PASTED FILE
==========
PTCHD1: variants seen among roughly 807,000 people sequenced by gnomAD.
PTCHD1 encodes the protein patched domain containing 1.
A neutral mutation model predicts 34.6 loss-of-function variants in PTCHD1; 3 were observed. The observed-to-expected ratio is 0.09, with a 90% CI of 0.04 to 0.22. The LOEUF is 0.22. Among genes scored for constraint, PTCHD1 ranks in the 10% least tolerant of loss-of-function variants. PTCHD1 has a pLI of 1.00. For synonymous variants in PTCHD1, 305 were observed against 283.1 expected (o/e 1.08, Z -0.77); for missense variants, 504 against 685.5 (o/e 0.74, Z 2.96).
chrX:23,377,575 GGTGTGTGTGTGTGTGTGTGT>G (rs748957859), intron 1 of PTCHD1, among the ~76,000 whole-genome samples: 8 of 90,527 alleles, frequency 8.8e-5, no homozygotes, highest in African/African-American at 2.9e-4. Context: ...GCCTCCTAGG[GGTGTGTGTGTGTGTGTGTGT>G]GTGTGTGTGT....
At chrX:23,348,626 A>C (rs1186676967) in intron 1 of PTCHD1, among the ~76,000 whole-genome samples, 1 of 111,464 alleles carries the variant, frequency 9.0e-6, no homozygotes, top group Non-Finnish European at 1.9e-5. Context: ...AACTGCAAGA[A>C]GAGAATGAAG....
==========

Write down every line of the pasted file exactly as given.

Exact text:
PTCHD1: variants seen among roughly 807,000 people sequenced by gnomAD.
PTCHD1 encodes the protein patched domain containing 1.
A neutral mutation model predicts 34.6 loss-of-function variants in PTCHD1; 3 were observed. The observed-to-expected ratio is 0.09, with a 90% CI of 0.04 to 0.22. The LOEUF is 0.22. Among genes scored for constraint, PTCHD1 ranks in the 10% least tolerant of loss-of-function variants. PTCHD1 has a pLI of 1.00. For synonymous variants in PTCHD1, 305 were observed against 283.1 expected (o/e 1.08, Z -0.77); for missense variants, 504 against 685.5 (o/e 0.74, Z 2.96).
chrX:23,377,575 GGTGTGTGTGTGTGTGTGTGT>G (rs748957859), intron 1 of PTCHD1, among the ~76,000 whole-genome samples: 8 of 90,527 alleles, frequency 8.8e-5, no homozygotes, highest in African/African-American at 2.9e-4. Context: ...GCCTCCTAGG[GGTGTGTGTGTGTGTGTGTGT>G]GTGTGTGTGT....
At chrX:23,348,626 A>C (rs1186676967) in intron 1 of PTCHD1, among the ~76,000 whole-genome samples, 1 of 111,464 alleles carries the variant, frequency 9.0e-6, no homozygotes, top group Non-Finnish European at 1.9e-5. Context: ...AACTGCAAGA[A>C]GAGAATGAAG....